What It's Really Like Inside a Sensory Deprivation Tank
This was, without fail, the most popular response I fielded after informing people that I planned on locking myself in a pitch-black tank filled with salt water last weekend for 120 minutes. Also, Why?
To relax, I told them. Or so I assumed—that's the general point of float therapy, anyway, among an array of other purported benefits. Designed to leave you completely alone with your thoughts without the distraction of sight, sound, or gravity, float tanks are filled with about a foot of heavily saturated salt water, which keeps the body completely buoyant without any physical effort. (Kind of like a very dark, super-isolated snippet of the Dead Sea.) In addition to providing a readymade, distraction-free environment for meditation and stress-relief, floating can help with back pain, insomnia, and immunity, among other things. It's even recommended for pregnant women, since in addition to relieving the aches and pains that come with carrying a child, the atmosphere resembles a womb, encouraging a bonding experience between baby and mom.
It all sounds great, but leading up to my Saturday appointment at Float Lab, a popular isolation tank destination in the Venice neighborhood of Los Angeles, I'd be lying if I said I didn't share some of the misgivings of my incredulous friends. For one thing, I have claustrophobia that likes to rear its ugly head on rare occasion; I couldn't help but imagine that this environment would be a little too ideal for its emergence. (The fact that I was envisioning that the float tank resembles a cross between a tanning bed and coffin didn't help.)
But really, it was the two-hour time slot that made me most unsure. It seemed like an awfully long time to sit still, especially at 11 o'clock in the morning. Usually by the end of a 60-minute acupuncture session, I'm feeling rather squirmy; same goes for meditation. I wasn't exactly confident the novelty factor would stick with me for twice that long.
"No, you'll see," assured a co-worker, the only person I spoke to who had actually tried it before. "It's like time ceases to exist in there." It sounded a little fantastical—even absurd—but I would find out that she was exactly right.
At my Saturday appointment, I was greeted by a Float Lab tech named Cody, who gave me a speedy rundown of what to expect. I learned that there would be about 1000 pounds of dissolved Epsom salt in my float bath, and that yes, I could safely fall asleep if I wanted. I'd also need to shower before and after my float—though I couldn't use conditioner beforehand; cosmetic residue isn't good for the tank. (Was I prepping for sensory deprivation or deep-sea diving?)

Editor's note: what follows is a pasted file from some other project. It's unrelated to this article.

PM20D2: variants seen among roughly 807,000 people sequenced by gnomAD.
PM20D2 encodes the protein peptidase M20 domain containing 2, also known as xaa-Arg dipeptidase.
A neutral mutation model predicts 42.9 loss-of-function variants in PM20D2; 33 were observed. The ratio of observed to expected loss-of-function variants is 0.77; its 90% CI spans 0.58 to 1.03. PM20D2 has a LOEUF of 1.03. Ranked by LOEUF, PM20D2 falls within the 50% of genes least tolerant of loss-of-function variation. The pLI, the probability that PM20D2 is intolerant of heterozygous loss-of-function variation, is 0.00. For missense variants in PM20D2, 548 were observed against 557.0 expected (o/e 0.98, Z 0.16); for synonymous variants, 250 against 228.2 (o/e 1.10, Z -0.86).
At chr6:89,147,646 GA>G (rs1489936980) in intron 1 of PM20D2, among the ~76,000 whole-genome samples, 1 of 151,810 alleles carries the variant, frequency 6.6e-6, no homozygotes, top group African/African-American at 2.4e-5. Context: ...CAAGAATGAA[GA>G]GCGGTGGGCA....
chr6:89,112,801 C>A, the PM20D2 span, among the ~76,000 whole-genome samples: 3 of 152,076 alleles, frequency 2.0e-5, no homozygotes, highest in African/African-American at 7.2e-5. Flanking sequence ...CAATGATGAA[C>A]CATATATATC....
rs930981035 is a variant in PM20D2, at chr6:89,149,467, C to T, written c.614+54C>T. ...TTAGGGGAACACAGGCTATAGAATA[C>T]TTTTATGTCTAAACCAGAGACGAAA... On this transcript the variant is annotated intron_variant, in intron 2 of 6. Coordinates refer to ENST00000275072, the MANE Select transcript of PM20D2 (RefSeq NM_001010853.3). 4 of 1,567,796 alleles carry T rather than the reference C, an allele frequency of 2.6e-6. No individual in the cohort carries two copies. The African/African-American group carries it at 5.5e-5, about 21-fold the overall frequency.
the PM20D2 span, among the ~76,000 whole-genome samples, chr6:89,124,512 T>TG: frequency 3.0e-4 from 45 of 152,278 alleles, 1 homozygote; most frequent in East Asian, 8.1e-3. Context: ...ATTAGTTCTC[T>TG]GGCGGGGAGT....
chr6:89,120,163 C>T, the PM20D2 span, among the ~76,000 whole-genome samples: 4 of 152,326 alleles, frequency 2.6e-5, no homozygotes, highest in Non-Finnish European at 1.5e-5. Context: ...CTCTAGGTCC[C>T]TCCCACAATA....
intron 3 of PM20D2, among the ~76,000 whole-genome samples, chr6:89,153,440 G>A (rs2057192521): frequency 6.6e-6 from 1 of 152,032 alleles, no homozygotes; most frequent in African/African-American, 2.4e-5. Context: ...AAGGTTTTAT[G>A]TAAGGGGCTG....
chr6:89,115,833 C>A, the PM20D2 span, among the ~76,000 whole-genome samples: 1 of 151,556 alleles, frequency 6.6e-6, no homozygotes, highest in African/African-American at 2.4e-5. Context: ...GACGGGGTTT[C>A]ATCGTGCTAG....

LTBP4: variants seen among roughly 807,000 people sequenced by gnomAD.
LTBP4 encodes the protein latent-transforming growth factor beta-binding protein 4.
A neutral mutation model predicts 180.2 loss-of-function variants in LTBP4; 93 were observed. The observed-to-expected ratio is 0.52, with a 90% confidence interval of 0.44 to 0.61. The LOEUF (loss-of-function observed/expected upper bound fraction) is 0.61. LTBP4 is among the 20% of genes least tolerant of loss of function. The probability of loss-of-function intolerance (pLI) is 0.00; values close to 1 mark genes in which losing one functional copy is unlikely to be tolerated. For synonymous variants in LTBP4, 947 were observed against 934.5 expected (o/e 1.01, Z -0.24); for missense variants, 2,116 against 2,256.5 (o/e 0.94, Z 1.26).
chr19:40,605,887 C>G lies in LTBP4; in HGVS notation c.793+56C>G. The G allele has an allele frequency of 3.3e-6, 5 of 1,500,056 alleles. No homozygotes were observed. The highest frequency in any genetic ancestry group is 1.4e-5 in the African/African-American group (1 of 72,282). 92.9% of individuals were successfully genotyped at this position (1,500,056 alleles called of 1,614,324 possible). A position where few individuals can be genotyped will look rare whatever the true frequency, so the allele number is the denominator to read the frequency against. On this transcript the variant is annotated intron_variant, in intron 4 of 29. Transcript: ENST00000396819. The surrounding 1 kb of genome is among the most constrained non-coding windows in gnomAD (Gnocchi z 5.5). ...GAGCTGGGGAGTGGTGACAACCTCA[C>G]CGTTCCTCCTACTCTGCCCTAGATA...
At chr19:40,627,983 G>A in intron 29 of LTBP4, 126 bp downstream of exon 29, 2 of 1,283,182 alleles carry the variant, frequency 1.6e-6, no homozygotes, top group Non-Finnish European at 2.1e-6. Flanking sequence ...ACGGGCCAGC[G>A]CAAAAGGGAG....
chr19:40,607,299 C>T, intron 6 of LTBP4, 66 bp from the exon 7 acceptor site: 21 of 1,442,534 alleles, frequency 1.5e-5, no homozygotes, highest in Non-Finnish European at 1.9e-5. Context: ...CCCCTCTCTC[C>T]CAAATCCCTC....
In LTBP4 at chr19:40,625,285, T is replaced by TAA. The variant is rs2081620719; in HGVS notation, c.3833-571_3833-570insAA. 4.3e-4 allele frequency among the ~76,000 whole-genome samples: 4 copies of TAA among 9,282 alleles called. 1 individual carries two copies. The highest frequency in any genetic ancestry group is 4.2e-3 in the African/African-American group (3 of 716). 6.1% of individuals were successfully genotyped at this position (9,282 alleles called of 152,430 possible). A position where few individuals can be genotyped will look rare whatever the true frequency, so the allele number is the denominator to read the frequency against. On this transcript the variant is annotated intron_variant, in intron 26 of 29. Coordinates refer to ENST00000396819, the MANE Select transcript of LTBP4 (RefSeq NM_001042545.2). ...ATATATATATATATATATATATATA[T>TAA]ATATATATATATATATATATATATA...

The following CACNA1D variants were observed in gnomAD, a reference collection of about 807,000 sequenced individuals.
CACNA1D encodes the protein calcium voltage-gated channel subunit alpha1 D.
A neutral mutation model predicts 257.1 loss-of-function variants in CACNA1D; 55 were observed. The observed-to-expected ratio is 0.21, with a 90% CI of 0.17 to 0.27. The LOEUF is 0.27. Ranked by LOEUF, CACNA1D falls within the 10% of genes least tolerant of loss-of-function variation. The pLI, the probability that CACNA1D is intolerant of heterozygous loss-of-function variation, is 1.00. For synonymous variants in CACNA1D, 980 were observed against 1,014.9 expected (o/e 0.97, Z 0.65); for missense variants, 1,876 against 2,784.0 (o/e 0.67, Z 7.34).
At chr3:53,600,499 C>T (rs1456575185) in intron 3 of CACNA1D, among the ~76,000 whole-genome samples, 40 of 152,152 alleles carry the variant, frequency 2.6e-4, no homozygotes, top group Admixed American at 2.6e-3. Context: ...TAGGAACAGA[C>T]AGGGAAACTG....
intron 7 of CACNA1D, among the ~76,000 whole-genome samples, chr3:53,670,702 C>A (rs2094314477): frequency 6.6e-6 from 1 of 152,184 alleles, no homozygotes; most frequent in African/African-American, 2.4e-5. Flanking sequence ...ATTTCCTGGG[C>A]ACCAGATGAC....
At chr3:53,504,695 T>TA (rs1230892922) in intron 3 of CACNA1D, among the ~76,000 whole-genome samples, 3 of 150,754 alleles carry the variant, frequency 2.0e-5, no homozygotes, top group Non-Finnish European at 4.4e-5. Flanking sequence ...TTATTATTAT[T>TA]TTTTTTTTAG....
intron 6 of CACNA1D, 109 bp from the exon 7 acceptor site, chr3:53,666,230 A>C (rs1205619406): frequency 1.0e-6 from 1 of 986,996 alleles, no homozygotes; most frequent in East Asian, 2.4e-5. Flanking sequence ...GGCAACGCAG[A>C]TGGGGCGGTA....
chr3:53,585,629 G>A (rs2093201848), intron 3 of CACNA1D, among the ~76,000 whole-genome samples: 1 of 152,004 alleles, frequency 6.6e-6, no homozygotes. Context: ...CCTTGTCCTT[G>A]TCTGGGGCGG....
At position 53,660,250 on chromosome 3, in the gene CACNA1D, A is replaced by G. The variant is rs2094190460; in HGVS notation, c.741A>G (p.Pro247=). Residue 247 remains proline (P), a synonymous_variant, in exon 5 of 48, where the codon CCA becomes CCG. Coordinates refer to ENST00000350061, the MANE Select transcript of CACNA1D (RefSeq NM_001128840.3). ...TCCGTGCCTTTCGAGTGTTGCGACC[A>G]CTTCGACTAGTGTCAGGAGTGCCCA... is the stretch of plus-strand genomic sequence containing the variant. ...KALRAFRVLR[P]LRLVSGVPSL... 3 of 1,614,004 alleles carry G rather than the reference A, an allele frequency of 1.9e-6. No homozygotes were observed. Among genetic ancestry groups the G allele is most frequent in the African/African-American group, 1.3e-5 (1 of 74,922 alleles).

Cody handed me some earplugs and told me he would holler when my time was up, and then it was officially go-time. I showered, took out my contact lenses, sized up the tank—which did not resemble a tanning bed or coffin, but a submarine with a latch door—and stepped inside.
I remembered immediately why I had signed up for this. It was a sensation unlike anything I've ever experienced before, to be completely suspended above water without any effort whatsoever. If I sat still enough, it really felt like I was floating in a vacuum. The water is tempered to 95 degrees exactly for that reason, so that it feels indiscernible from your normal body temperature. But for roughly the first 10 minutes, I squirmed and marveled at how weird every movement felt. (For what it's worth, I also noticed after a short while that my chronic shoulder and neck pain had completely disappeared.)
For the rest of my session, I resolved to be still and try to meditate, focusing on my passing thoughts and breathing. Every now and then, one of my limbs would graze the side of the tank or I'd grow conscious of the water beneath me—gentle reminders of reality. But considering the noise and distractions of my daily life in a bustling city—not to mention countless virtual distractions—it turned out that this was still the departure I desperately needed.
And it was too short.
I was lying there, pondering how much time had passed, guessing that I was somewhere around the one-hour mark, when I heard a muffled shout. I was so convinced that there was no way 120 minutes had gone by that I almost ignored it, thinking that maybe someone was just being very noisy in the building upstairs. But after peering out of the tank door at the clock for good measure, sure enough, it was 20 minutes past one. (I had been in there since 11.) My co-worker was right—when you have nothing else to steal your focus away from relaxing and reflecting—even sight and sound—your perception of time completely warps.
That's not to say that blissed-out feeling didn't last. After walking out of Float Lab's front doors and back into the crowded chaos of a Saturday afternoon on Abbot Kinney, I decided to play hooky from the half-dozen errands I had planned for the rest of the day and just wander around the neighborhood. Probably more notably, I turned off my phone as I explored—something I haven't done voluntarily in years. (And in doing so, I realized just how innate the urge to take a photo of ev-er-y-thing has become.)
There are people who float regularly, and I can absolutely see the appeal—I can only assume that like meditation, that tuned-in feeling I experienced afterward only feels more permanent with consistent practice. But I'm thinking it's worth a shot. Just like I occasionally need to wean myself from five cups of coffee a day back down to two, my technology habits are in need of a serious overhaul. I may have signed up for sensory deprivation for the experience, but I think I just walked away with my prescription.
Have you ever tried going in a float tank before? Would you ever consider it? Tell us your thoughts below.